What kind of space are you sitting in right now? Are you on the bus, your living room, your cube/desk in a large open office, or the bathroom (side note: really, how much of the internet is now read in the bathroom)?

Because my life is what I lovingly call… weird… I have sat in a lot of different spaces, and more specifically in a lot of different rooms. Some of this is predicated on privilege: having time to volunteer, a job that has confidence in me (some conferred because of my race and perceived class), and living in a region with diverse events/social options. I frequently sit in activist group homes, fancy offices, ballet studios, IT trainings, conferences (academic, and professional), yoga studios, independent coffee shops, Buddhist prayer rooms, mountain cabins, pagan stores and workshops, and the virtual room of Google hang out.

One of the points Sheryl Sandberg makes in ‘Lean In’ (which, yes I read… long story) is to be sure you ‘sit at the table’ to not enter a room and head to the back, or sit to the side. This of course makes sense for women and other minorities in leadership positions, who should by office standards, be at the ‘table’. Broadening the scope (because the scope of her book is hella narrow) I think the real goal is to sit in many rooms, many different kinds of rooms, and to not always sit in the front.

When I enter each room I try to, or should at least try to be mindful of several things: where is this? what is the time and energy that took me to get here, and is this in an area that I am typically near, is this event supporting the local community, or is this space part of the tide of gentrification. Then who is in the room? Again, is it an all white room? Is it all one age, is everyone straight, or cis? If I keep finding myself in the same rooms, with the same people, with the same demographics, what does that say about my capacity to listen, to be exposed by things other than my comfort zone? Julia Serano discussed in her book ‘Excluded: Making Feminist and Queer Movements More Inclusive’ that our only conceptualization of diversity is different kinds of bodies all liking and saying the same thing. Now I don’t go out and seek out hate groups to hang out with to ‘challenge’… but I do seek out places where not everyone likes my music, visits the same restaurants, or has the same standard hipster blocky glass frames and tattoos. I went to the DC Veg Fest recently and was thrilled to see how diverse the crowd was in age, race, body size, and perceived ‘differentness’ (ie. not just all hipsters, or hippies, but khakis wearers too!). The different organizations tabling also ranged in focus from animal welfare, to clothes, food, and addressing food scarcity. It is a little ‘chicken and egg’ to figure out which came first – the diverse tablers, or the diversity in attendees, but either way it was really exciting.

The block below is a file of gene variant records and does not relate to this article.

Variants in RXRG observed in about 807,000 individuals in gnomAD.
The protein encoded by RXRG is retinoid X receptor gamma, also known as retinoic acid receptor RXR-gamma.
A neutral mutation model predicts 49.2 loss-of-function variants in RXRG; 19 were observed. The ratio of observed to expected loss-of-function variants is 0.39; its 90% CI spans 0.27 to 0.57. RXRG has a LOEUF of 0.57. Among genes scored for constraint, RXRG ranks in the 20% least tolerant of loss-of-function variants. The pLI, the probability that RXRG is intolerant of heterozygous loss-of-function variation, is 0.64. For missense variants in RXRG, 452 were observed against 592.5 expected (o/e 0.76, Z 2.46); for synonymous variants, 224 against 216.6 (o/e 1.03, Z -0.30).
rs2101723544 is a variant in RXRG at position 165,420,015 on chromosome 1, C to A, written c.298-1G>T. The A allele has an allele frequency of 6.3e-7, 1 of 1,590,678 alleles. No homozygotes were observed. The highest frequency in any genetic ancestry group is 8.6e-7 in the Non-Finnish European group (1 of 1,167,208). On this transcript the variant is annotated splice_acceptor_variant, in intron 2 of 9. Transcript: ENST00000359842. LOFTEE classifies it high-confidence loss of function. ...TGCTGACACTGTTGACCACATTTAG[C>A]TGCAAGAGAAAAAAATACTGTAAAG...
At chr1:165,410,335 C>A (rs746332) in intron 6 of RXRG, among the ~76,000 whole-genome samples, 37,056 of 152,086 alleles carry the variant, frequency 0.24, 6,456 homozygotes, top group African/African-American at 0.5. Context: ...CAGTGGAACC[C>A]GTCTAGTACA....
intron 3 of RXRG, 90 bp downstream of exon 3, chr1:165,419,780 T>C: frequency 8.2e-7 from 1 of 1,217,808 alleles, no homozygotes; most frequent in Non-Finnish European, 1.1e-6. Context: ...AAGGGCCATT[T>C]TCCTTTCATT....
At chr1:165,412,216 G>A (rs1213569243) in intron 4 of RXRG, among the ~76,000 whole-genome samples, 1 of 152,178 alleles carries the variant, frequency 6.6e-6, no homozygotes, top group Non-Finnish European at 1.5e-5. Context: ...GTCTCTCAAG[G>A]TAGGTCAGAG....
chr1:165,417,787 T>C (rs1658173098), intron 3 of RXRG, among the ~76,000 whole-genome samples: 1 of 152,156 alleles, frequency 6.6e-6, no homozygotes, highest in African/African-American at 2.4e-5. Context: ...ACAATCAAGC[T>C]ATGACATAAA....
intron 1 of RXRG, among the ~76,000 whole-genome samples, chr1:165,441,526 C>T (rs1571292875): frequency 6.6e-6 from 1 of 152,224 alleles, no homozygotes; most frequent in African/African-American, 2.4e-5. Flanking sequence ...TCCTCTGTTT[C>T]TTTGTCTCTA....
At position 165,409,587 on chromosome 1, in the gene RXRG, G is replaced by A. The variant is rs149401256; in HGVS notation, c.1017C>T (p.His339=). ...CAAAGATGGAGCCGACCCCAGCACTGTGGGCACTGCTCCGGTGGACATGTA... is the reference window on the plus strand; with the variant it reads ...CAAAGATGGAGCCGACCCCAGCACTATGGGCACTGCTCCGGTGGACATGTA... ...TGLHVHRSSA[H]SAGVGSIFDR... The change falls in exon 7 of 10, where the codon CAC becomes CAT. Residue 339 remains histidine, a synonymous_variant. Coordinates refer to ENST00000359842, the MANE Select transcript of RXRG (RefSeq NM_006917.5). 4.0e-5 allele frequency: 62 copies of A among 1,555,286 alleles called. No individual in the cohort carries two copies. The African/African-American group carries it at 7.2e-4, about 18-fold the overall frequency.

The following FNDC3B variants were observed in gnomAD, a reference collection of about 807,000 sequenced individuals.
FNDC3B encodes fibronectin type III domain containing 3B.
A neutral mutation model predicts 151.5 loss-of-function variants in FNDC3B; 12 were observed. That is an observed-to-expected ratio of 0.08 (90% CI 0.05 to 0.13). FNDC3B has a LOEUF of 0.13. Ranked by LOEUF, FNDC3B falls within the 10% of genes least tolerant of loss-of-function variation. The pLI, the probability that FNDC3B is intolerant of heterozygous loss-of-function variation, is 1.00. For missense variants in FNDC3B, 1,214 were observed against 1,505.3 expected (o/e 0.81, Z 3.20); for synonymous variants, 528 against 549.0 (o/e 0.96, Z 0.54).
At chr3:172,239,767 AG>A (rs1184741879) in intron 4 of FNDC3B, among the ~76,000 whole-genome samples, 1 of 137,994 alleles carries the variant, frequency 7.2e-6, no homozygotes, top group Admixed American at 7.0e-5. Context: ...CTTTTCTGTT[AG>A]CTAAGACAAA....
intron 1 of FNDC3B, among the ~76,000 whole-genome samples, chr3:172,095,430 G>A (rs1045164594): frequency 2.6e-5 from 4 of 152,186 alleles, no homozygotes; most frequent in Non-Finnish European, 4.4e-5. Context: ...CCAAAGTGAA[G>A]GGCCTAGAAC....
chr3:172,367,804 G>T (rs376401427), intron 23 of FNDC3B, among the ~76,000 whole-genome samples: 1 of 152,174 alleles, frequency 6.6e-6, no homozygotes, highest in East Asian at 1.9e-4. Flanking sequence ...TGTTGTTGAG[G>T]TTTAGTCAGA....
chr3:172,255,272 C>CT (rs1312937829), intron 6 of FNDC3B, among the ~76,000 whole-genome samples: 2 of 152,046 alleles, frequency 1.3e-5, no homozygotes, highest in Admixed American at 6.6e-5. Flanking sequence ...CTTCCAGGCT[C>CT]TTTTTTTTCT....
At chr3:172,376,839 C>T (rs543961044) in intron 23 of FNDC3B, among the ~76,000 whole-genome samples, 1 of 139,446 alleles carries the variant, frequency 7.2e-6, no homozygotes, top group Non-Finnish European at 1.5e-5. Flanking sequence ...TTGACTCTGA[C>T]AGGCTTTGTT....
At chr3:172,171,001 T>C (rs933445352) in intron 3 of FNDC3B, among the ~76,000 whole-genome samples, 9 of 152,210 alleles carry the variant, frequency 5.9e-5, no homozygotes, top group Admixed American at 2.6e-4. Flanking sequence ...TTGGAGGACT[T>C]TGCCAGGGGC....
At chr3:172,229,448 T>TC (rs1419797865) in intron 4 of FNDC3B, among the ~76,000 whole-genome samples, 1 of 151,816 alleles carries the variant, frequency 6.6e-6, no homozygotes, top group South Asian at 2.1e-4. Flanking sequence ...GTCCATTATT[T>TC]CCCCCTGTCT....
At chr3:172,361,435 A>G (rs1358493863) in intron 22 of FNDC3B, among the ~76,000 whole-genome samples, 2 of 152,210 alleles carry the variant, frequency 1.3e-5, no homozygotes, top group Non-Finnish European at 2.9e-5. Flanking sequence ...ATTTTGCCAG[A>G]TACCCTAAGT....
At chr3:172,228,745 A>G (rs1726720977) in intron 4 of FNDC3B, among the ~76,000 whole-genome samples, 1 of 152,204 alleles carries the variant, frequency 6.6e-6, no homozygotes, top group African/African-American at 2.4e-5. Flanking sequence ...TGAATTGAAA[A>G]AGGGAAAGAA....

By sitting in different rooms I am always learning, listening; I get to hear from folks I perhaps wouldn’t normally talk with (when acceptable taking copious notes), I can listen and hear what others are facing, and share my own experiences when appropriate. Until about 2 years ago I realized that my life had filtered so that outside of night school I was never in a position of learning, of being quiet/soaking in a space. I was organizing, I was leading, I was talking and taking up space. These are fine roles, and ones that women are often excluded from, but in only being in the rooms that would have me in the role of speaker, I wasn’t in the stream of learning, or expanding my world view if I kept just re-iterating mine. Sitting at the table or the front of the same room every time does jack for equality.